Churches can’t be controlled by Government – CAN tackles CAMA.

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The Christian Association of Nigeria (CAN) has rejected “outrightly” the Companies and Allied Matters Act, 2020, which was signed into law by President Muhammadu Buhari on August 7.

“The law, to say the least, is unacceptable, ungodly, reprehensible, and an ill-wind that blows no one any good. It is a time bomb waiting to explode,” said a statement by Pastor Adebayo Oladeji, the Special Assistant on Media and Communications) to CAN President, Rev Dr Samson Ayokunle.

CAN’s position is in strong contrast to that of the Presidency which hailed the new law as innovative and “geared toward enhancing the ease of doing business in the country”.

In its statement on Thursday, CAN made clear that its grouse was not with efforts by the government to fight corruption but a section of the Act that contained what it said amounted to an attempt to bring churches under government control.

CAN President, Rev. Samuel Ayokunle (file photo). The Christian Association of Nigeria wants the Companies and Allied Act, 2020, amended.

“The satanic section of the controversial and ungodly law is Section 839 (1) &(2) which empowers the Commission to suspend trustees of an association (in this case, the church) and appoint the interim managers to manage the affairs of the association for some given reasons,” it said.

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“While we are not against the government fighting corruption wherever it may be found, we completely reject the idea of bringing the Church, which is technically grouped among the NGOs, under control of the government. The Church cannot be controlled by the government because of its spiritual responsibilities and obligations.”

Based on its position, the association expects the federal government to change course and amend the law.

It said, “This is why we are calling on the Federal government to stop the implementation of the obnoxious and ungodly law until the religious institutions are exempted from it.

“We call on President Muhammadu Buhari to urgently return the law to the National Assembly for immediate amendment. Nigeria should not be compared with any other nation when it comes to the relationship between religious institutions and the government. In Nigeria, people’s religions are tied to their humanity and of course, their life.”

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Should the government insist on implementing the law, CAN believes it would amount to an affront to Christianity.

“If the government is bent on imposing a law on us which the entire Church in Nigeria is against, then, they have declared war on Christianity and the agenda to destroy the Church which we have spoken against before now is coming to the open more clearly,” it said.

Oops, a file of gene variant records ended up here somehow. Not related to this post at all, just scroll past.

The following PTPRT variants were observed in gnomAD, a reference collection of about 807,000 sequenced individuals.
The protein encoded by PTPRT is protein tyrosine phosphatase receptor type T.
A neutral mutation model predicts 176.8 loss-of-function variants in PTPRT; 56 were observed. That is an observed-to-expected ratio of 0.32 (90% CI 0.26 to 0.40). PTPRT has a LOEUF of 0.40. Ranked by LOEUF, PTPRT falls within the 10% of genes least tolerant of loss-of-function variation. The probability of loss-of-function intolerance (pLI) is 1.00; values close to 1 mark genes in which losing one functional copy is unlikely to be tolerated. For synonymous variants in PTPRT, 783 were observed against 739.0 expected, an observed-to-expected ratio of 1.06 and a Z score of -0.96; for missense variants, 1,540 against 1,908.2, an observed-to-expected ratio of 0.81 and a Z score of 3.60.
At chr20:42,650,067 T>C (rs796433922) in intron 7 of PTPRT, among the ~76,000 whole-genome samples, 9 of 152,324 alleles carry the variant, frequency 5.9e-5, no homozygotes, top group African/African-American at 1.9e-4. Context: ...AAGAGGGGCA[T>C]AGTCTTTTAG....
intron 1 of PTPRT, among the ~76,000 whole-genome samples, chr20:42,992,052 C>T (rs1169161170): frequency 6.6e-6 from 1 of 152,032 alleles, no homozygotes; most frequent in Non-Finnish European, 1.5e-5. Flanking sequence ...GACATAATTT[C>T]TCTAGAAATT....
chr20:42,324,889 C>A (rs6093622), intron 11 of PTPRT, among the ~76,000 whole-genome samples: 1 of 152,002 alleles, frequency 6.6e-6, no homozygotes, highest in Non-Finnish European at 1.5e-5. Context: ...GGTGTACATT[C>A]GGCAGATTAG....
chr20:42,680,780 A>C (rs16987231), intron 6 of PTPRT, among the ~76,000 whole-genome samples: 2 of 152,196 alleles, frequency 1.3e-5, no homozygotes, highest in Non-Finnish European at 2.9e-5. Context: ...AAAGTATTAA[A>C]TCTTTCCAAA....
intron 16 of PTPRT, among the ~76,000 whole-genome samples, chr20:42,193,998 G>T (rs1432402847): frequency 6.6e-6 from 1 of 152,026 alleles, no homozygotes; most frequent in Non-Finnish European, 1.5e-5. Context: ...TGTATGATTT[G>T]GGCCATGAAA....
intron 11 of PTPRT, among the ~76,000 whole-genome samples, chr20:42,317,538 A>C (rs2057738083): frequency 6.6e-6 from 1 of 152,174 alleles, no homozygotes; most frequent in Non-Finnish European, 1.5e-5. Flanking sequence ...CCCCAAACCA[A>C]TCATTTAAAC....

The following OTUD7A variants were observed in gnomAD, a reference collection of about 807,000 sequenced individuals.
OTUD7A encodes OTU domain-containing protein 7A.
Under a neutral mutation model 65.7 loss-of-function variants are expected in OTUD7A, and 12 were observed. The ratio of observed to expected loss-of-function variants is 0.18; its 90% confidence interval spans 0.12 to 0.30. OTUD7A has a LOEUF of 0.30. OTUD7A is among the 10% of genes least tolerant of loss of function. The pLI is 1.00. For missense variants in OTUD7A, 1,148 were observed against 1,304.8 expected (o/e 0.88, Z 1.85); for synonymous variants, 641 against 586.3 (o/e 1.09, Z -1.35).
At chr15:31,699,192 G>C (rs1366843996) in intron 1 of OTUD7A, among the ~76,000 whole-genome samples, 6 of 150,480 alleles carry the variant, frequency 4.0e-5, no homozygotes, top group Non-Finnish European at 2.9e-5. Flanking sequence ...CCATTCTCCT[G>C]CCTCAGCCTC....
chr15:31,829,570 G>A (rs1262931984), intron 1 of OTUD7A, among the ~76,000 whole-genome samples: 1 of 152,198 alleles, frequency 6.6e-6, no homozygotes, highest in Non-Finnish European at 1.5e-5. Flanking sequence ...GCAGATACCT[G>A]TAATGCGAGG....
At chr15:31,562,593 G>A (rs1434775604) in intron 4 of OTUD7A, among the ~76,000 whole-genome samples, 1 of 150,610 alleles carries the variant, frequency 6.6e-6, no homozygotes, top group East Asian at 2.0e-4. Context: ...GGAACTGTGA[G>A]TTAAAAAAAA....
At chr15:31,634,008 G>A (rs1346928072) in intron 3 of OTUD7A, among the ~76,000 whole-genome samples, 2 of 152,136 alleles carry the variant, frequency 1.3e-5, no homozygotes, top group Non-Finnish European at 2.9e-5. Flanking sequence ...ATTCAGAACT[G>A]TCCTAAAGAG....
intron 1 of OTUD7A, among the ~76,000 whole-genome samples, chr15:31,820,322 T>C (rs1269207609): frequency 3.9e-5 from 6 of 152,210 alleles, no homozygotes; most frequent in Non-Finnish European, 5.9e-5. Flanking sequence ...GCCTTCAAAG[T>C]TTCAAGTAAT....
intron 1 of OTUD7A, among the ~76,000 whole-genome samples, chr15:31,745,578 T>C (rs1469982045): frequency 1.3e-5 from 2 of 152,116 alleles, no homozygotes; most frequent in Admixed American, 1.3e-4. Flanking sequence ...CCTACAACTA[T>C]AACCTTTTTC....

“If you cannot give us good amenities of life, we would not allow you to take away our liberty to worship our Maker.”

CAN is surprised that President Buhari signed the CAMA Bill into law with such a section in it because it had initially rejected moves to bring the church under government regulation during the President’s first term.

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It said, “We recall that during the first term of the President, there was a public hearing conducted by the National Assembly on the Non- Governmental Organisations Bill tagged ‘Bill for an Act To Provide For The Establishment Of The Non-Governmental Organisations Regulatory Commission For The Supervision, Co-ordination And Monitoring Of Non-Governmental Organisations’ which was attended by CAN and many NGOs.

“At the Public Hearing, the Bill that sought to bring the religious organisations and NGOs under the control and influence of the government was totally rejected because it would snuff life out of the church and rank the church as a secular institution under secular control.

“We thought it was all over until we heard of the CAMA that was assented to by the President, making the rejected bill a law.”

Defending its position against the law, CAN questioned what right the government had to control an institution it did not establish.

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It is also concerned about the implication of allow secular officials to superintend over spiritual matters, arguing that, ultimately, the government had specific responsibilities to focus on.

“How can the government sack the trustee of a church which it contributed no dime to establish? How can a secular and political minister be the final authority on the affairs and management of another institution which is not political? it asked.

“For example, how can a non-Christian head of Government Ministry be the one to determine the running of the church? It is an invitation to trouble that the government does not have power to manage.

“Let the government face the business of providing infrastructure for the people. Let them focus on better health provision, food, education, adequate security employment, etc. The government should not be a busy body in a matter that does not belong to it. The government does not have the technical expertise to run the church of God because of its spiritual nature.”


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